As oil companies prepare to extract
oil out of the ground, the next concern is Lake Albert’s water levels and fears that communities around the Lake could be denied access to the water resources.
everyone is eagerly waiting to see out of the ground, there concerns that oil
production could have a heavy toll on Lake Albert’ water resources.
It is expected CNOOC Uganda Limited
and Total E&P could draw much more water from Lake Albert with planned
developments and the King Fisher and Tilenga projects.
Water is an integral element of in Oil and
gas production value chain or resource development. It is used in oil
extraction, refining and processing, and transportation.
CNOOC Uganda Limited’s Environmental
Social Impact Assessment(ESIA) Report said a water intake station will be
constructed on Lake Albert to draw water for its project’s needs.
The water intake station according
to the ESIA will be pumping an estimated 390 m3 of water per hour.
It is that the average daily water demand
at the Central Processing Facility will be approximately 100 m3/day. The
estimate excludes water needed for domestic requirements at construction camps.
Some studies have indicated that over 750
billion liters of water could be extracted from Lake Albert alone over the
twenty-year period of oil production.
No estimates have been given for the
amount of water that will be drawn by Total E&P which plans to drill
boreholes as part of its plans to water is wells and pipelines.
On average, at global level, 3 to 5
barrels of water are produced for every barrel of oil produced.
CNOOC plans to use
horizontal drilling method to extract oil from Lake Albert. While horizontal
drilling is known for increased production efficiency, and a reduction in the
number of wells to be drilled, a number of studies have found that it is more water
intensive than vertical drilling.
Apart from the water levels,
a number of civil society actors expressed fears that that CNOOC’s activities could
impact on ground water quantity, in the area, lead to contamination of ground
water among others.
The report suggested the
construction of a water balance facility to monitor all water intake and discharge
volumes and quantities as part of the mitigation measures.
But some of the participants
at the just concluded King Fisher Development Project ESIA public hearing were seemingly
not satisfied with the mitigation measures suggested in the report.
Ntoroko District Chairperson,
Timothy Kyamanyua expressed said communities around Lake Albert could negatively
impacted when huge volumes of water are drawn during oil production.
/////Cue in “A third of our
Cue Out…. do you expect me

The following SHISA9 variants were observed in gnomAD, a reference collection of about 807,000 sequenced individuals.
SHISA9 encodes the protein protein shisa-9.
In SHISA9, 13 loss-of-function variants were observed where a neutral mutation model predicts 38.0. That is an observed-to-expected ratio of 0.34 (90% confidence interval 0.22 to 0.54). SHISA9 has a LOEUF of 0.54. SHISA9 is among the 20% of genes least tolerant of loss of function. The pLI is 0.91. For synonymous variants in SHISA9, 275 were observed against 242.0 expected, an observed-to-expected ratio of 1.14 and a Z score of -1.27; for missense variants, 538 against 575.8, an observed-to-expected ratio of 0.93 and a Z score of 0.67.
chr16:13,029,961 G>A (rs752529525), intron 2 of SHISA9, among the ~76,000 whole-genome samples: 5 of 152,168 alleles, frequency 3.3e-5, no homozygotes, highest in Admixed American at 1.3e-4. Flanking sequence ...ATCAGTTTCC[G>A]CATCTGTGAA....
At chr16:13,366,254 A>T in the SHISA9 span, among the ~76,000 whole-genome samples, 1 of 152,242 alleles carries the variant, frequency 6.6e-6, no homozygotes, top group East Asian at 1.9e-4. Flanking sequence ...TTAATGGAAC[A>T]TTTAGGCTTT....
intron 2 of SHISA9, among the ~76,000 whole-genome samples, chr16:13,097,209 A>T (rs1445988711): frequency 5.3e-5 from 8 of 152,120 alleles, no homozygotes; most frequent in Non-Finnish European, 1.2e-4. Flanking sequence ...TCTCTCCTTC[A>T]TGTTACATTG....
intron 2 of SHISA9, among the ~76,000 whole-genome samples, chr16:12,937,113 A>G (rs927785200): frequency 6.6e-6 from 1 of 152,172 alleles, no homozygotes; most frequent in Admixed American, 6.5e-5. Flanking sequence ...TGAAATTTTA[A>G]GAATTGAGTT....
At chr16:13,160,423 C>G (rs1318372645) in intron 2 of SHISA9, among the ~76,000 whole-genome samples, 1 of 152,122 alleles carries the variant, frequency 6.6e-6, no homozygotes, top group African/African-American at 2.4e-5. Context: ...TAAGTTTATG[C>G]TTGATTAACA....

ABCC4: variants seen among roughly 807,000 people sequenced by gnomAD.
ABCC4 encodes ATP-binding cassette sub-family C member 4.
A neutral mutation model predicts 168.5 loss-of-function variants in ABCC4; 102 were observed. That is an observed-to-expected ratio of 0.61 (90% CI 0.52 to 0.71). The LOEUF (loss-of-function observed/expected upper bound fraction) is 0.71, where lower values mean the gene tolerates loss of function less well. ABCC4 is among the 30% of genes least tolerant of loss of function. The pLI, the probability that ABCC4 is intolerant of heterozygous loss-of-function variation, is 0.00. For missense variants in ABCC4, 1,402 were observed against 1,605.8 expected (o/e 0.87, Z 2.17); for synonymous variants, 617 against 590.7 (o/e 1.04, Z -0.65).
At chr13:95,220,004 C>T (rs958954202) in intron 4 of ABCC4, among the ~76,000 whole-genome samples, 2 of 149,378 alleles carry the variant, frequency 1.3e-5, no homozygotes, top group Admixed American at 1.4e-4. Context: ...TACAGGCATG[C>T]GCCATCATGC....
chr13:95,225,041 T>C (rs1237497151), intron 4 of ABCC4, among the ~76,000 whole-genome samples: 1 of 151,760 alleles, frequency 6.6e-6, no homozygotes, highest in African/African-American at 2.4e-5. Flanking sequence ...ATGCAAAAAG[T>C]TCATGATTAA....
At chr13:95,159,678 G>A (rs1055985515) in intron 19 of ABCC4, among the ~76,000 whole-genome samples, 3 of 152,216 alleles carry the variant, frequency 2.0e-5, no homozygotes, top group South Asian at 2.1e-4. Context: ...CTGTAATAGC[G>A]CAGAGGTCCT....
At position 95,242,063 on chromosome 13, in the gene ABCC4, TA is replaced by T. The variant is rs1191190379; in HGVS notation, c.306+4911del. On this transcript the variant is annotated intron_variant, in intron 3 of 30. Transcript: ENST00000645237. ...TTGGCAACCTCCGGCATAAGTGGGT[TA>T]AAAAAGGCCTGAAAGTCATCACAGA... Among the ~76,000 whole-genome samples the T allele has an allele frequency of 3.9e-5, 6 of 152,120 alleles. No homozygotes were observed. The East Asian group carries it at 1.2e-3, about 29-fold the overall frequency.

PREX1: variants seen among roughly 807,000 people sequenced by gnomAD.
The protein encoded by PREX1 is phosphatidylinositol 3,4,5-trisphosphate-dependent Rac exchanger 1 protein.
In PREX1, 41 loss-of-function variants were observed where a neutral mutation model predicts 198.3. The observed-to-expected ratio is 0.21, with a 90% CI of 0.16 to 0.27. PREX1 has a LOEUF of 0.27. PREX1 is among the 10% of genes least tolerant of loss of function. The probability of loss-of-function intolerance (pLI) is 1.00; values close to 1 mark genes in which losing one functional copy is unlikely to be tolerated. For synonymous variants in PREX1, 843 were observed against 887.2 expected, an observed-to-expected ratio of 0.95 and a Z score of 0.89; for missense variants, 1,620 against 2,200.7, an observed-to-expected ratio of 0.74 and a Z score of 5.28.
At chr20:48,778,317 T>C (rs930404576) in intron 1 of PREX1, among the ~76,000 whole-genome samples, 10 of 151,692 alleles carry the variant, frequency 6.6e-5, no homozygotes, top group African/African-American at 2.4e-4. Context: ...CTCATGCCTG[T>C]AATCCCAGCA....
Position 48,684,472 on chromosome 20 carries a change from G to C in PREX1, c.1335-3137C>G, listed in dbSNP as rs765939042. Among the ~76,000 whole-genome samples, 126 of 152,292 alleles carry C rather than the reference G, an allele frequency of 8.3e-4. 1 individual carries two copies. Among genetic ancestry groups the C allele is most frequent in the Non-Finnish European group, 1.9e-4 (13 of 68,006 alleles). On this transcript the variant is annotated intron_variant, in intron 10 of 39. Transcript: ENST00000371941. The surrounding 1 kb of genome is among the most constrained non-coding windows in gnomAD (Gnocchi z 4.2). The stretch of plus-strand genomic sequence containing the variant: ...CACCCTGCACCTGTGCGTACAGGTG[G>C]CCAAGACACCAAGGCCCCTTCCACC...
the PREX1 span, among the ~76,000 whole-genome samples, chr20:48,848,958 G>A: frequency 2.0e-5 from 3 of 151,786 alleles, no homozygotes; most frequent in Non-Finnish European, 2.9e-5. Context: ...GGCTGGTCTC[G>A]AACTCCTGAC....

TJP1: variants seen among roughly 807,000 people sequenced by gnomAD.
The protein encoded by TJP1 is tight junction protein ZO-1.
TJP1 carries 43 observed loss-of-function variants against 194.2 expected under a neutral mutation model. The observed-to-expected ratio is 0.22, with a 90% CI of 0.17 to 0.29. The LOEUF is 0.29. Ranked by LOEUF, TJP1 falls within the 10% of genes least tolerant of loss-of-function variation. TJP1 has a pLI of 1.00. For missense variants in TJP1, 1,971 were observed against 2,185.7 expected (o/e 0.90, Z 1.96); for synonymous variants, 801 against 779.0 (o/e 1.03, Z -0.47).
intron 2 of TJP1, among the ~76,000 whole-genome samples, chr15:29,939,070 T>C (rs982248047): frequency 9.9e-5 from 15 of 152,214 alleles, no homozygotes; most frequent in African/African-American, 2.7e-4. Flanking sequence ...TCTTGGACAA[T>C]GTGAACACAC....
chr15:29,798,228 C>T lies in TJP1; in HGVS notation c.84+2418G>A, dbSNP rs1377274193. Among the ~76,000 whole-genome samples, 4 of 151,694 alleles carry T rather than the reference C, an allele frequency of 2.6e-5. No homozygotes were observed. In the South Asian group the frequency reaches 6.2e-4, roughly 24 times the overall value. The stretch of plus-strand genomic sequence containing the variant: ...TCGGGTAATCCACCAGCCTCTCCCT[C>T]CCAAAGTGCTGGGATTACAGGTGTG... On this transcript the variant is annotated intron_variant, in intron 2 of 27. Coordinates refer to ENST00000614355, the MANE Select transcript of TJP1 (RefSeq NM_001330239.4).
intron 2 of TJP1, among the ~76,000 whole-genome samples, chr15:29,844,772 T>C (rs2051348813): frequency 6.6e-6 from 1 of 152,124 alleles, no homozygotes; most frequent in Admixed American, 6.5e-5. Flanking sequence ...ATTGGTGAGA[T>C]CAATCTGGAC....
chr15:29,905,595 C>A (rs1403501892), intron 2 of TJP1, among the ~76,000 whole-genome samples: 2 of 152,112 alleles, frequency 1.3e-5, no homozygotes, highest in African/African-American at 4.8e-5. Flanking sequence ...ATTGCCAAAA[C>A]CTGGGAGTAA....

to sit and watch?”////
The Buhuka area on shores of
Lake Albert is home to thousands of fishermen and cattle keepers that have been
depending on the Lake for livelihoods. CNOOC is planning a range of production
facilities in the same area.
Opio Christopher is one of
the refinery affected persons. He spoke at the public hearings in Kikube and
////Cue In “They are saying I a…….
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Opio is mindful of the
likely conflict that could arise between Uganda and Democratic Republic of
Congo over the shared transboundary Lake.
He thinks the Environmental Social
Impact Assessment report that may be approved by National Environment
Management Authority should have been clear on the matter.
////Cue IN “Another thing is……
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Petroleum Authority's Director for Data Management , Dr. Joseph Kobusheshe told URN in an interview that all effort are being taken to ensure a balance between water needed for the oil and gas development and other economic activities dependent on Lake Albert and George.
////Cue In " The oil companies and indeed......Cue Out.....any impacts are managed well"///
Fear of Pollutants to the Lake
There has also been a
concern about the potential increase in waste nuisance including heavy metals to
the Lake and its surroundings.
Water and Environment Sector Performance Report 2018 said heavy metals are often common in
crude oil and drilling fluid that is used in oil exploration and production.
It said water
samples from the Albertine Graben indicated high concentrations of some of the
Some of the
metals identified in the report included; cadmium (Cd), chromium (Cr), lead
(Pb), arsenic (As), copper (Cu), manganese (Mn), zinc (Zn), cobalt (Co),
aluminium (Al), mercury (Hg) and iron (Fe).
Some of the metals
according to the report were carcinogenic in nature.
The report warned that high
concentration of those metals in drinking water will pose a health risk to the
local communities in the Albertine Graben.
companies were urged to put in place adequate waste management facilities to
prevent pollution of drinking water for humans and animals with the toxic
The report also recommended that relevant government
agencies enforce relevant waste management regulations in the Albertine Graben
to minimise pollution of the water resources and the environment.
The Directorate of Water Development
was tasked to carry out
comprehensive assessments of water resources in the oil and gas regions to
establish the exact possible causes of heavy metal contamination and address
them. It is not clear whether the assessment was carried out.
Water development explains
The Directorate of Water Development’s Principle Water Officer, Edward
Martin Rwaninda said there are genuine concerns about the volumes of water to
be used in the Oil and gas developments.
He revealed that there is an ongoing study to assess the impact of water
that is to be used in the oil and gas sector in the Albertine.
//// Cue In “There is water for people……
Cue Out…..we pan for that resource”////
Rwaninda says through modeling, they have
found that water usage by the oil and gas sector from Lake Albert is currently estimated about
zero percent but could rise to seven percent during development and production